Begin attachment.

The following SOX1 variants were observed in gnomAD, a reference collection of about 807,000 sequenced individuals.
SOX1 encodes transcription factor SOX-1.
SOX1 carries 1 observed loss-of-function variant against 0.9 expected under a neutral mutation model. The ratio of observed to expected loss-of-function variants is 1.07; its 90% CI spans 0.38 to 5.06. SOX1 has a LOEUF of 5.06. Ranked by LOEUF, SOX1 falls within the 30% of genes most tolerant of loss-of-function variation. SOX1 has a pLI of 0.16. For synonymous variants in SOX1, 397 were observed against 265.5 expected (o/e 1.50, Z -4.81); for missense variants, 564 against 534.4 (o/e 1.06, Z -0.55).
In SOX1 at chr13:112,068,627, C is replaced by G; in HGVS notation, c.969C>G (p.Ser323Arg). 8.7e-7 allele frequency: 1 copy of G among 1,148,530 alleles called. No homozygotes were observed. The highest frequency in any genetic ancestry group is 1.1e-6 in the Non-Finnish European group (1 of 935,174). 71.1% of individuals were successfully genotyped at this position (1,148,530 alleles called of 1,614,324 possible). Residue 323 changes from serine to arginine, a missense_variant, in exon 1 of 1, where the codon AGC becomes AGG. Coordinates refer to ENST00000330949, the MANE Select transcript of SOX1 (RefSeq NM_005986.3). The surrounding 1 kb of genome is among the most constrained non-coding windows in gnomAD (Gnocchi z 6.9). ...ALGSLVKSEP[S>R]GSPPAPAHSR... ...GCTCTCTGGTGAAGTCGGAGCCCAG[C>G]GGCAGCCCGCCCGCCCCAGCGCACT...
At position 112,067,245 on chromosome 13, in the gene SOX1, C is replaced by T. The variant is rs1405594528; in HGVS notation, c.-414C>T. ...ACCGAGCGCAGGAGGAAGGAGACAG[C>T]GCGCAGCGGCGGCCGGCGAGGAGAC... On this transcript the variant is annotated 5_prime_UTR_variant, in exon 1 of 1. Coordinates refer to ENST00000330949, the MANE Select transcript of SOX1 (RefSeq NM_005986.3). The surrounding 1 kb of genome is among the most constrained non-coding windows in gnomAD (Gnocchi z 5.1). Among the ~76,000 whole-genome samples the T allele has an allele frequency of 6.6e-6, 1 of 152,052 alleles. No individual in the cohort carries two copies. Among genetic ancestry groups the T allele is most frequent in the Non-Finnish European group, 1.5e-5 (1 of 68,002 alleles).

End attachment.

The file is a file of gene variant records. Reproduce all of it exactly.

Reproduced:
The following SOX1 variants were observed in gnomAD, a reference collection of about 807,000 sequenced individuals.
SOX1 encodes transcription factor SOX-1.
SOX1 carries 1 observed loss-of-function variant against 0.9 expected under a neutral mutation model. The ratio of observed to expected loss-of-function variants is 1.07; its 90% CI spans 0.38 to 5.06. SOX1 has a LOEUF of 5.06. Ranked by LOEUF, SOX1 falls within the 30% of genes most tolerant of loss-of-function variation. SOX1 has a pLI of 0.16. For synonymous variants in SOX1, 397 were observed against 265.5 expected (o/e 1.50, Z -4.81); for missense variants, 564 against 534.4 (o/e 1.06, Z -0.55).
In SOX1 at chr13:112,068,627, C is replaced by G; in HGVS notation, c.969C>G (p.Ser323Arg). 8.7e-7 allele frequency: 1 copy of G among 1,148,530 alleles called. No homozygotes were observed. The highest frequency in any genetic ancestry group is 1.1e-6 in the Non-Finnish European group (1 of 935,174). 71.1% of individuals were successfully genotyped at this position (1,148,530 alleles called of 1,614,324 possible). Residue 323 changes from serine to arginine, a missense_variant, in exon 1 of 1, where the codon AGC becomes AGG. Coordinates refer to ENST00000330949, the MANE Select transcript of SOX1 (RefSeq NM_005986.3). The surrounding 1 kb of genome is among the most constrained non-coding windows in gnomAD (Gnocchi z 6.9). ...ALGSLVKSEP[S>R]GSPPAPAHSR... ...GCTCTCTGGTGAAGTCGGAGCCCAG[C>G]GGCAGCCCGCCCGCCCCAGCGCACT...
At position 112,067,245 on chromosome 13, in the gene SOX1, C is replaced by T. The variant is rs1405594528; in HGVS notation, c.-414C>T. ...ACCGAGCGCAGGAGGAAGGAGACAG[C>T]GCGCAGCGGCGGCCGGCGAGGAGAC... On this transcript the variant is annotated 5_prime_UTR_variant, in exon 1 of 1. Coordinates refer to ENST00000330949, the MANE Select transcript of SOX1 (RefSeq NM_005986.3). The surrounding 1 kb of genome is among the most constrained non-coding windows in gnomAD (Gnocchi z 5.1). Among the ~76,000 whole-genome samples the T allele has an allele frequency of 6.6e-6, 1 of 152,052 alleles. No individual in the cohort carries two copies. Among genetic ancestry groups the T allele is most frequent in the Non-Finnish European group, 1.5e-5 (1 of 68,002 alleles).